Life lessons learned by watching the Olympics.
Clicker box in one hand, snack bowl in the other, I lurch stiffly to my feet. This hands-free, grunt-free levitation earns me personal-best marks for both technical and artistic components. Before setting out to navigate the course to the prize — heart-healthy almonds across the room — I pause to stretch. Arching my lower back, I partially counteract the debilitating effects of hours sitting on a decidedly unergonomic futon.
The beneficial role that stretching plays in anyone’s regimen is just one lesson from time well wasted watching Olympic coverage through the years. Ill-suited and little-inclined to learn the athletic habit of obsessive or even steady physical activity, I nevertheless find Olympic-quality lessons to apply to more everyday endeavours.
In these days of legitimate privacy concerns about almost every aspect of our lives, we might appreciate a little more the privacy most of us have while we do our jobs. Even without fame and its resulting media attention, professional athletes routinely perform under audience scrutiny. Imagine facilitating that meeting last week in front of a grandstand full of flag wavers, or struggling to meet that report deadline with over-the-shoulder-lookers second-guessing every decision, criticizing every turn of phrase. The next time I miss an obvious edit in a document or take a fraction of a second longer than I should to craft a PowerPointâ„¢ presentation, I’ll pause to give thanks that my job isn’t a spectator sport. If few cheer my occasional exceptional performance, fewer still notice when I under-perform.
No one performs their best every time out of the gate, so it’s good to celebrate our A-game when it does appear. The human body, mind and spirit can do great things, just not always on demand. When the amazing out-of-nowhere performance comes late to need, we can lament that we didn’t do this well ‘when it really mattered’, or we can be delighted that lightning strikes even sometimes, lifting us out of the ordinary.
When we do get to the mountaintop, we should have the grace to remember that the extraordinary doesn’t happen in isolation. That’s obvious in team activities, but even frontline athletes in individual sports are supported by hordes of backroom technicians: coaches, choreographers, physiotherapists, psychologists. Family and friends provide moral and practical support, corporate sponsors and government agencies provide funding. In life as in sports, no one gets to the start line, much less the finish line, all by their lonesome.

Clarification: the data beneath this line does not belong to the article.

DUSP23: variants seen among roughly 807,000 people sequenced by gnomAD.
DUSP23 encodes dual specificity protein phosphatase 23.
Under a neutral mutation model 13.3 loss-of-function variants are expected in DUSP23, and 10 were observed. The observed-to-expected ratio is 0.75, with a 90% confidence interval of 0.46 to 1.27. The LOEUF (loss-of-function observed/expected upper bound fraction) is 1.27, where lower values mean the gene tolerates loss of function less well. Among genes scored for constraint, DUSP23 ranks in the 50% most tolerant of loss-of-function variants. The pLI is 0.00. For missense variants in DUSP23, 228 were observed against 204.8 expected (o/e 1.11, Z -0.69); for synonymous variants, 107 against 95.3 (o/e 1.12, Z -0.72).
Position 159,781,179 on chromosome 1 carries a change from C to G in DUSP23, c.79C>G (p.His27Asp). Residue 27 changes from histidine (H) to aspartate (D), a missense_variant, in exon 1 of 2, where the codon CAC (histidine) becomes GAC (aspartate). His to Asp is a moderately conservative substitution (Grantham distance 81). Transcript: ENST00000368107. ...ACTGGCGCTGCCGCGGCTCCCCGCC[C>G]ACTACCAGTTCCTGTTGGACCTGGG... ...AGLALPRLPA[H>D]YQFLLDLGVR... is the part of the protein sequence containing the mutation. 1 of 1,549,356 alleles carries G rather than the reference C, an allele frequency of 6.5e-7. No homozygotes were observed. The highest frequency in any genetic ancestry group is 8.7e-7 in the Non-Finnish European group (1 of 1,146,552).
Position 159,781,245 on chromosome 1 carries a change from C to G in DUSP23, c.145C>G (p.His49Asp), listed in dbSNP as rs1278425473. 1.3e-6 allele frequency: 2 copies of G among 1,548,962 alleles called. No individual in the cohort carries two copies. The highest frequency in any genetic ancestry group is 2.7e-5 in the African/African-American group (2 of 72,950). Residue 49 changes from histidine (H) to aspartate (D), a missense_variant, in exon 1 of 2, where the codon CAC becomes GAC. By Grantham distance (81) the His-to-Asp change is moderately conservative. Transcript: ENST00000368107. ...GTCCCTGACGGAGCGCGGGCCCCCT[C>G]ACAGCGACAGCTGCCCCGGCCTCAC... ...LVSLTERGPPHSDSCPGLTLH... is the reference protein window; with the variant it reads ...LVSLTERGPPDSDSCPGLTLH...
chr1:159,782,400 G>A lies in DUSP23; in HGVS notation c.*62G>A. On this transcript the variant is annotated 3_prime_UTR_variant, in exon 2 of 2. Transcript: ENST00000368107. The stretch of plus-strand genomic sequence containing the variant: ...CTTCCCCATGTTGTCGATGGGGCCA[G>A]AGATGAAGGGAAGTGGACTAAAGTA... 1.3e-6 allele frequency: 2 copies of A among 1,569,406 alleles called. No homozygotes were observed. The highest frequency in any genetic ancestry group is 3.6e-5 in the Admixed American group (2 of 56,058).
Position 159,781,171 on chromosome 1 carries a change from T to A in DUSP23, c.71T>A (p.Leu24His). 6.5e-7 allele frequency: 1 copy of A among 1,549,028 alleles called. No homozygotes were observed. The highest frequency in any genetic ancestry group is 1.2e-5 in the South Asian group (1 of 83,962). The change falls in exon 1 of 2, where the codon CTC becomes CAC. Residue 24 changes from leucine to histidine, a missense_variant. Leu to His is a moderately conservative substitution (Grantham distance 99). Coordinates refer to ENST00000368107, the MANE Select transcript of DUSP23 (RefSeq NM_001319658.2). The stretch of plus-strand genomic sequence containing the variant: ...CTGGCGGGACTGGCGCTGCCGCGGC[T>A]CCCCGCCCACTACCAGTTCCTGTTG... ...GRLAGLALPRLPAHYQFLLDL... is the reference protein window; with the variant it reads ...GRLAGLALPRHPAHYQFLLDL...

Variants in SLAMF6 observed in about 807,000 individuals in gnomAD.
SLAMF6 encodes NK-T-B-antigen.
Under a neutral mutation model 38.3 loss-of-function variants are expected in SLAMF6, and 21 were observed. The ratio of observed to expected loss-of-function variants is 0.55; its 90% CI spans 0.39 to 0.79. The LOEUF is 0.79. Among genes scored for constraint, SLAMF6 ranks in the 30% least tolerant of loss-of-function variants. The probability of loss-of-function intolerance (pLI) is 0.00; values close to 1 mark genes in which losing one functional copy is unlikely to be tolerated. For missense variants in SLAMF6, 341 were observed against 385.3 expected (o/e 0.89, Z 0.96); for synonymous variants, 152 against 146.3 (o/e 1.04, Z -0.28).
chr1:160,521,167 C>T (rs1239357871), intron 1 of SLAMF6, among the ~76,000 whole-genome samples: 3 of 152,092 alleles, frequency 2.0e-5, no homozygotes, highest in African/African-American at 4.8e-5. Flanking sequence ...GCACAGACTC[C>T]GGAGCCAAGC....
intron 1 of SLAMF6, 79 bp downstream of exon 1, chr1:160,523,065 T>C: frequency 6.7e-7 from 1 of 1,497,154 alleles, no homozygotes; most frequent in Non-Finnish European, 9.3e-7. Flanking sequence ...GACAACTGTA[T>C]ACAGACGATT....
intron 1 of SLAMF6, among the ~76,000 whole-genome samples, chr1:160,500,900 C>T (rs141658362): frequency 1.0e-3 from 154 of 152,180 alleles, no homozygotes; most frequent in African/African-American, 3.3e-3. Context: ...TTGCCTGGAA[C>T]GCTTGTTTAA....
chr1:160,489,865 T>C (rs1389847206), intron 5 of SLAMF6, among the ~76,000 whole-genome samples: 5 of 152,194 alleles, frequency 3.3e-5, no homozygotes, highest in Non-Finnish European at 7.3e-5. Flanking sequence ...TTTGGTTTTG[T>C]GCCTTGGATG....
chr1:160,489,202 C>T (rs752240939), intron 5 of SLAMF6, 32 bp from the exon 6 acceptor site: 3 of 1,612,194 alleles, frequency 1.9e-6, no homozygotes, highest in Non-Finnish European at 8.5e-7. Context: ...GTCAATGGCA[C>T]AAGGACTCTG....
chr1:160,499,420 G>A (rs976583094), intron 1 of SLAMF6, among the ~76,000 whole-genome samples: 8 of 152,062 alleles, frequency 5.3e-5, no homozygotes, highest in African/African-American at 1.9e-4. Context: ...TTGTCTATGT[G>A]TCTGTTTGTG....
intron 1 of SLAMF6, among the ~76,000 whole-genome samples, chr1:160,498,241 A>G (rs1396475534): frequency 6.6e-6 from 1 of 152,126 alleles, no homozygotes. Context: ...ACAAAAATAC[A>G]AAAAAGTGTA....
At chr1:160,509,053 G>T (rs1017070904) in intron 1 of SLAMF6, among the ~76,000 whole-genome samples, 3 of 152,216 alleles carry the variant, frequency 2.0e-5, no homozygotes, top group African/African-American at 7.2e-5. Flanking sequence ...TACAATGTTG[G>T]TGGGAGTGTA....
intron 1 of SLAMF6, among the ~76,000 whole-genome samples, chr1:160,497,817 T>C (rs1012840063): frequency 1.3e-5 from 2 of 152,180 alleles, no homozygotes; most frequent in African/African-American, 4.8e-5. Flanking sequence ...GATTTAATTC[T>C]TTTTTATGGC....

Some things, however, just aren’t group activities. What can, indeed must, be an activity driven from within is the choice of race. We all have to play our own game. Whether we’re pursuing a medal, top-ten finish or personal best, or are just getting the equivalent of our first international experience, it’s up to us to define success, to set our own targets.
But we must never take the achievement of our targets for granted, as a birthright. A sense of entitlement is unattractive, whether it manifests itself in countries, teams or individuals. Worse, it doesn’t help us cope with failure any more than it enhances our experience of success. Discounting the efforts of others makes failure, when it comes, both inexcusable and intolerable; assuming the inevitability of victory makes success, when it comes, as flat as day-old champagne.
Even when we follow our own vision of success, the joy of victory is only possible when the agony of defeat is also an option. If we cannot always reach our goals, we can still choose how we respond when staring disappointment in the face. Wanting to explain to ourselves and others why we fell short, too often we end up sounding as if we’re making excuses: The pressure got to me, I lost focus, I tried too hard, I peaked too early. If we are secure in the knowledge that our performance doesn’t define us, we can relax and accept responsibility, gracefully stating the obvious: I didn’t do well enough today.
Whether pressure affects our performance depends primarily on our perspective. While we may not ever be called upon to formally represent our country, or even our city or company, we should realize that we do so informally all the time. We can feel this as an added burden or as another opportunity to show that how well we behave matters more than how well we compete.
For all that winning isn’t everything — nor the only thing — we shouldn’t be afraid to win either. Success needn’t always be something we’re building towards, it can be something we achieve right now. As Chandra Crawford mused to herself just before her fabulously unexpected sprint to grab gold in 2006, Why not today?
Do many remember Chandra’s name? Maybe not. Fame can be here today, gone tomorrow, and we have our own lives to live, our own concerns to think about. It’s like the old joke: at 20, we worry what ‘they’ think about us; at 40, we decide we don’t care what they think about us; at 60, we discover they haven’t been thinking about us at all.
Maybe we don’t think about these athletes except once every four years. That’s OK. They’re chasing their dreams, after all, and we should be chasing ours. Why not, indeed? Now that I’ve mastered the hands-full levitation-from-futon, anything seems possible.